Posts: 469

also known as Josh W


« Reply #4 on: January 02, 2010, 01:21:47 PM »

I wondered if it was the way Kelly was greeted that gave you that impression, it suggests to me that if the system could use that part of the game to define the relationship between Kelly and the colony, rather than just having it come automatically from players impressions. The system might already do that, but it seems a good way to do it.
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Darcy Burgess
Member

Posts: 476


« Reply #5 on: January 04, 2010, 07:14:27 AM »

Hey JoyWriter,

Could you clarify your first phrase, "I wondered if it was the way Kelley was greeted that gave you that impression,"?

I'm guessing that you're referring to the in-fiction greeting that the character received when she landed on Mars.

Thanks,
D
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Tim C Koppang
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« Reply #6 on: January 04, 2010, 09:48:18 AM »

Darcy,

First of all, let me say thank you for taking the time to play Mars Colony and write up this report.  I'm very happy to see some feedback, especially considering the mixed reports I received from others who tried the ashcan process.  My experience has been quite positive.

Now let me get to the meat of your session...

I was very happy to see that your Canadian viewpoints made their way into the game.  While I've certainly tried to familiarize myself with international politics in a passing sort of way, I'm glad to know that the game hasn't been overly "Americanized".  Mars Colony represents my own commentary on U.S. politics, but I don't intend it to be limited to U.S. players.  It's one of the reasons I explicitly included an international committee in the setting.

To that point, you mentioned that your Fear Cards in particular raised Canadian issues.  Mechanically, did you find the cards useful?  I've had mixed reports here.  Some people have found them useful as a pre-game exercise, but not during play.  Others use them in play all the time.  Still others could care less.

Your comments about scene-framing and the flow of the game are spot on.  The rules support moving from progress scene to opposition scene in a smooth transition or as an abrupt cut.  Sometimes it makes more sense (and is more dramatic) to concentrate on one problem for a few scenes in a row.  Other times, you may have an opposition scene about one problem, and a progress scene about a totally different problem.  I don't want to force the players to tell an (artificially) linear story.  But a linear progression is probably the most common way to do things.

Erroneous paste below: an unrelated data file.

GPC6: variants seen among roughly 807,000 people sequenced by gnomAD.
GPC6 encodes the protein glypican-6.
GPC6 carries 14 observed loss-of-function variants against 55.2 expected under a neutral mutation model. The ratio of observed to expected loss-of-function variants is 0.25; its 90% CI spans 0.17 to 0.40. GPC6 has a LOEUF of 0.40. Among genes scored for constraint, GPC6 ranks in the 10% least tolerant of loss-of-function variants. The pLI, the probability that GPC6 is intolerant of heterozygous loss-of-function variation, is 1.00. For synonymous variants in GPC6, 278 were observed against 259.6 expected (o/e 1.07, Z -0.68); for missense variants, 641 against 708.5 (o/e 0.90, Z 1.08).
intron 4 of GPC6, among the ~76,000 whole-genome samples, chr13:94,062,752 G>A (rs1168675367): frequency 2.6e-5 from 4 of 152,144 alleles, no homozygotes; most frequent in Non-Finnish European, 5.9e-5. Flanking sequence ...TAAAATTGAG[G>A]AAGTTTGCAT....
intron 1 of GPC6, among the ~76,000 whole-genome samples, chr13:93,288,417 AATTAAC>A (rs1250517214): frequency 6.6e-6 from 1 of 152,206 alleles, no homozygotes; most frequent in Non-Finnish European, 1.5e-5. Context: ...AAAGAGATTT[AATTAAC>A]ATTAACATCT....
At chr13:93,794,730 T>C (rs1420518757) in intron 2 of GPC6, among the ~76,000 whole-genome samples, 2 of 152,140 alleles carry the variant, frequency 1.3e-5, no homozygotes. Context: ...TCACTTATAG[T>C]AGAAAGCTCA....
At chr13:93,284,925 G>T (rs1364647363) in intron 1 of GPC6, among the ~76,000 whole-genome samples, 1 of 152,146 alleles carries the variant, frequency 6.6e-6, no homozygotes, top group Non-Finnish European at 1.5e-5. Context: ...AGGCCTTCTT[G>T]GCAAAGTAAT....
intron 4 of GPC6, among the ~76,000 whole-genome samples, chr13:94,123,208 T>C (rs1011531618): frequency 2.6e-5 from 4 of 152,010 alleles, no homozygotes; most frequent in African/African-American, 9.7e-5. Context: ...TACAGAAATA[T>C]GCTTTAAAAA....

Your personal scenes sound great, like they really rounded out play.  It also sounds as if the personal scenes went beyond the connection generated before play?  Would you say that's true, or did they all track pretty closely to the wealthy lover?

What were your other health markers?  You said that social unrest and water were stabilized?  What replaced them?  I'm just curious.

Finally, as to your specific pluses and minuses.  I think Glenn has already addressed his concern about Kelly's specific role.  I'll simply add that it's important to me for Kelly to be an outsider.  The game isn't just about politics.  It's also about Kelly's sense of accomplishment, or lack thereof.  Kelly is dropped into a very heated situation, and despite the fact that she is tremendously skilled, has to face up to the reality that she may not be all that everyone else believes her to be.  The dynamic between competence and incompetence (and the perception of both) is sort of a sub-theme of the game.

As to your concern about the dice, right now I can only say that I haven't been able to think up an elegant solution.  I know that progress scenes are more dramatic when there is a slow build-up of points.  Each choice can be agonizing.  That's the beauty of the push your luck mechanics.  On the other hand, they can also be pretty abrupt when the first roll is a bust.  I enjoy the very serious consequences (i.e., no recourse) of a bust.  But I agree, it can feel a bit anti-climatic if it happens on the first roll.  My problem is that all of the "fixes" I come up with end up feeling like mere hacks.

(Just as a point of clarification, you can take a deception after an initial bust.  You don't get any health points, but you do avoid the consequences of a failure.)

That's all for now.  As I read through the rest of the comments, I may have more.  But thanks again to Darcy and Glenn for playing.
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Tim C Koppang
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« Reply #7 on: January 04, 2010, 03:27:30 PM »

I've been thinking about Glenn's and Josh's comments a bit more.  As the game text stands , I don't define Kelly's role as anything more than "grand consultant to the Colony", whatever that means.  I leave it to the players to define how much real power Kelly has.  The opening vignettes (where the players introduce Kelly), help to define her role.  But perhaps what I need is a bit more textual guidance.  After all, Kelly is walking into a very defined power structure.  The Earth governments wouldn't send Kelly to Mars without some sort of mandate.
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JoyWriter
Member

Posts: 469

also known as Josh W


« Reply #8 on: January 04, 2010, 06:54:46 PM »

I'm guessing that you're referring to the in-fiction greeting that the character received when she landed on Mars.